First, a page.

who under Jewish Law cannot ob-
tain a religious divorce for several
reasons.
Israel anger-
Officially, Syria had complained
to the Security Council against Is-
rael's construction of a bridge
across the southern tip of Lake
Huleh. at a point where the lake's
old swamps enter the Jordan river.
The acting chief of staff of the
United Nations Truce Supervision
Organization, Col. Byron V. Leary,
had already inspected the bridge,
had already reported to the Coun-
cil that the span had been built in
legitimate pursuit of a civilian Is-
raeli objectivethe draining of the
Huleh swamps.
Everyone on the Council knew
and Mr. Asha himself knewthat
the Council would not heed his re-
quest that Col. Leary be reversed,
that Israel be ordered to dismantle
Continued on Pa- 2 A
Renewed Quotas
For Med Schools
Is Seen by 1965
NEW YORK JTA)The possible
return by 1965 of tightly restricted
admission policies for medical
schools in the United States, based
on religious and racial quotas, is
foreseen in a study made public
by the American Jewish Commit-
tee.
At the present time, although
the "quota" system has been vir-
tually abandoned in medical
schools, discriminatory admission
policies still exist particularly
against Jewish students and Cath-
olics of Italian descent. The "quota"
system, devised more than 30 years
ago when applications to medical
schools increased sharply, allotted
a quota of admissions to religious
and ethnic groups in the U.S. based
on each group's proportionate num-
ber to the total poplation.
The AJC study warned that "a
likely re"lt of the increased
competition for medical school
places" will be "the tightening uo
again of restrictive admission pol-
icies both through residential
limitations and through ethnic
and religious quotas." The pres-
ent ratio of two applicants for
each medical school opening is
Continued on Page 5 A
He effectively both to!Kader Hatcmi Cairo director of in-
Mnediate security and to the
noli' I peace in the world."
I*V. Eisenhower's remarks fol-
**4 the start of a speaking
Pign undertaken by Klutz-
Continued on Page SA
formation, called the Foreign Mia-
ister's charges spurious and said
Le.shein was attempting to disguise
"acute internal disputes" and to
keep the Israel public from learn
ing about them.__________
2aV=
Sen. Javits Calls on U.S. to Spark
Drive for a Resettlement of Arabs
NEW YORK U.S. Sen. Jacob K. Javits, (R N.Y.) this week called upon the United States "to spark
7-VJl In the Middle East for the resettlement of the Palestine Arab refugees, includ.ng .mplemen-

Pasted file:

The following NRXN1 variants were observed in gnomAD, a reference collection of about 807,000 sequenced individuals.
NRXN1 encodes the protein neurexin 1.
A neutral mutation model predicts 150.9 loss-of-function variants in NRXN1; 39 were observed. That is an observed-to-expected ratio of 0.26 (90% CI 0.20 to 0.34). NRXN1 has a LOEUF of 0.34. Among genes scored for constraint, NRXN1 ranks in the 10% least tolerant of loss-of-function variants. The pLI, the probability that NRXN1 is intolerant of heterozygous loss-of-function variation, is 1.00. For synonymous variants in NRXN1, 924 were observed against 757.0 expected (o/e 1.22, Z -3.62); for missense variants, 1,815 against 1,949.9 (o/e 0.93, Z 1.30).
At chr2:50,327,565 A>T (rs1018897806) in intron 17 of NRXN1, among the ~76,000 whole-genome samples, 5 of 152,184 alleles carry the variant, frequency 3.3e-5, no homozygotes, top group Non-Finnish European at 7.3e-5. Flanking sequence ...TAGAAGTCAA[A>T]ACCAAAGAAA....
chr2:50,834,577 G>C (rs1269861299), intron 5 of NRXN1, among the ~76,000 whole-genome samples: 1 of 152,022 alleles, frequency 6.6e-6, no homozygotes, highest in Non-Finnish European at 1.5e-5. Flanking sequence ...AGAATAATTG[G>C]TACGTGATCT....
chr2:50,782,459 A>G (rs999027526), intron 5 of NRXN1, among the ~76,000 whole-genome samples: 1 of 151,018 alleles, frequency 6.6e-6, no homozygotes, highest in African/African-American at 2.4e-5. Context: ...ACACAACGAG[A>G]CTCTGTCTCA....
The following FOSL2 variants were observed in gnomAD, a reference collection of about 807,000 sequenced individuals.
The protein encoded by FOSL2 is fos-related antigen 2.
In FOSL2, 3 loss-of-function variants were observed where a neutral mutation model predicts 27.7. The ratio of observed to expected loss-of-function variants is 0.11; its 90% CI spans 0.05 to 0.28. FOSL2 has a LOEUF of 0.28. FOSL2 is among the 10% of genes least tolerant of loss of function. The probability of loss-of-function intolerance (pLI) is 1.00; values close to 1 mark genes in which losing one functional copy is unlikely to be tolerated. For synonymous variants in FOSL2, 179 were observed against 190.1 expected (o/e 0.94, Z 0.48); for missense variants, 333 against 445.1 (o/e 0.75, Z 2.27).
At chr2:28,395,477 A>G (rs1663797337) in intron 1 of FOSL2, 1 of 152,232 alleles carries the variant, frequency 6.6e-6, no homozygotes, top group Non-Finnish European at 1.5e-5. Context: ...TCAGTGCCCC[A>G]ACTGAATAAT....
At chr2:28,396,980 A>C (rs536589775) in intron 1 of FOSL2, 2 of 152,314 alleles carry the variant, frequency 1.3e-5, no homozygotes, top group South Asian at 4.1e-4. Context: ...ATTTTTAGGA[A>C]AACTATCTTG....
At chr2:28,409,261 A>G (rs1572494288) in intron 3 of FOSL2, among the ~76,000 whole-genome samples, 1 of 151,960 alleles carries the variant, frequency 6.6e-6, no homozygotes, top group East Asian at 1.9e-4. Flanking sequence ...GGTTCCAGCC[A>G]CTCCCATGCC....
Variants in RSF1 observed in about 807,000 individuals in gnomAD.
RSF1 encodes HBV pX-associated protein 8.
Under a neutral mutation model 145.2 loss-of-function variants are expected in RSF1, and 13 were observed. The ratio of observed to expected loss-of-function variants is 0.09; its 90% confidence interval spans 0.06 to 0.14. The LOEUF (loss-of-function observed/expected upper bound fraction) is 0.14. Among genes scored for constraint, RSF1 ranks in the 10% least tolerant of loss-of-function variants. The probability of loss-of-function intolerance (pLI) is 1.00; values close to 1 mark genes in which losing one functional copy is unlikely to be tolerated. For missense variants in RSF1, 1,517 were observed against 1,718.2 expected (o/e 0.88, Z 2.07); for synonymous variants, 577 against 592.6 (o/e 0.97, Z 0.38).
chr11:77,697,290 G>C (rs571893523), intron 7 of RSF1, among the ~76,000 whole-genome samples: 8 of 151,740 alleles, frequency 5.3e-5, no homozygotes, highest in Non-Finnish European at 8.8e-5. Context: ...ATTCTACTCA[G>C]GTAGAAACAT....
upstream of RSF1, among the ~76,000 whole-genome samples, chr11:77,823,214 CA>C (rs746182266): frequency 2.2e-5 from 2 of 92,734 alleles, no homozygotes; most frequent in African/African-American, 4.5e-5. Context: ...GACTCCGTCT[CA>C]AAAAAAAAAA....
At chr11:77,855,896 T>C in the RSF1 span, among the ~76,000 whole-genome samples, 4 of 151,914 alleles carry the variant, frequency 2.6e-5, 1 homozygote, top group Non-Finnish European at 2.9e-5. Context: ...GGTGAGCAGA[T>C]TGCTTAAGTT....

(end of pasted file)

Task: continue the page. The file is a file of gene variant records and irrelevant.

, wejer 4*m to>the M"?* fc deve,opm.n, ofth. Jordan River Valley."
,,,,0n He urged .h."?n order to move ahead constructively with a Palestine Arab resettlement p.an/' Am.r-
u .Hor! to Middle Eastern nation, "should be summoned to meet in order to block out a d.ploma-
!^^!^1Z!S1Z1 for the Johnston Plan a. a fin. step among the gov.rnmer.ts involved."
Sen. Javits was the keynote*
speaker at a Brooklyn regional con-
ference of Hadassah. the V,omens
Zionist Organization of America, at
Grand ballroom of the Hotel
Brooklyn. Other
Is-
Ten Commcmdmenta in Torah is depicted by 38-frarne
'uoth filmetrip just produced by Union of Amwican "?'
Congregation*. Dr." Bernard Bamberaer. of New York a
"* End Temple, ia apiritual leader, and Ann I*Yf' *"
**? Inset shows another Shavuoth acene from fumstnp.
,iag of first fruita in Biblical timee.
the
St. George in
speakers included Cecil Hyman
rkel Consul General at New York,
and Mrs. Morris Rappaport. presi-
dent of the Hadassah Brooklyn re-
gion Mrs. James Feldman, con-
ference chairman, presided.
In discussing the Middle East sit-
uation. Sen. Javits declared:
"It is my conviction that there
i, great opportunity now to
make progress on this progr.nv
2 jsst ffir
rn- much improved. (Amer-
ican) economic aid for the fiscal
year ending June 30, 1957, will,
I am confident, result in Israel's
receiving the same amount of
economic aid it received in the
fiscal year 1956. U.S. technical
assistance is being restored to
the level it had before the Octo-
ber 1956 hostilities and will con-
tinue.
"Furthermore, the military sit-
uation is relatively stable. The
Eisenhower Doctrine has been ac-
cepted by Israel and appears to be
successful so far. The United Na-
tions Emergency Force remains in
the Gaza Strip and on the shores
Continued on Page I A
JfM. JACOB JAVITS


Page 2-A
+Je*lst>nor*MarJ
Friday. ]{iBM 7
193
Egypt, Syria Bid for
Round Against Israel
Continued from Pag* 1A
the bridge. As it turned out, the
Council did not hold with Syria Oil
-ue of the bridge. Then why
all the hubbub and hullabaloo?
The reason was that nsither
Syr fa nor Egypt is interested in
that bridge. What interetttd
them, immediately, was 1 get
the Council to take note of the
fact that the entire Arab-Israel
armistice regime has broken
down. The Arabs want the arm-
istice regime mended, shored up,
made stronger than it ever was.
Secretary General Dag Ham-
marskjold wants the same thing.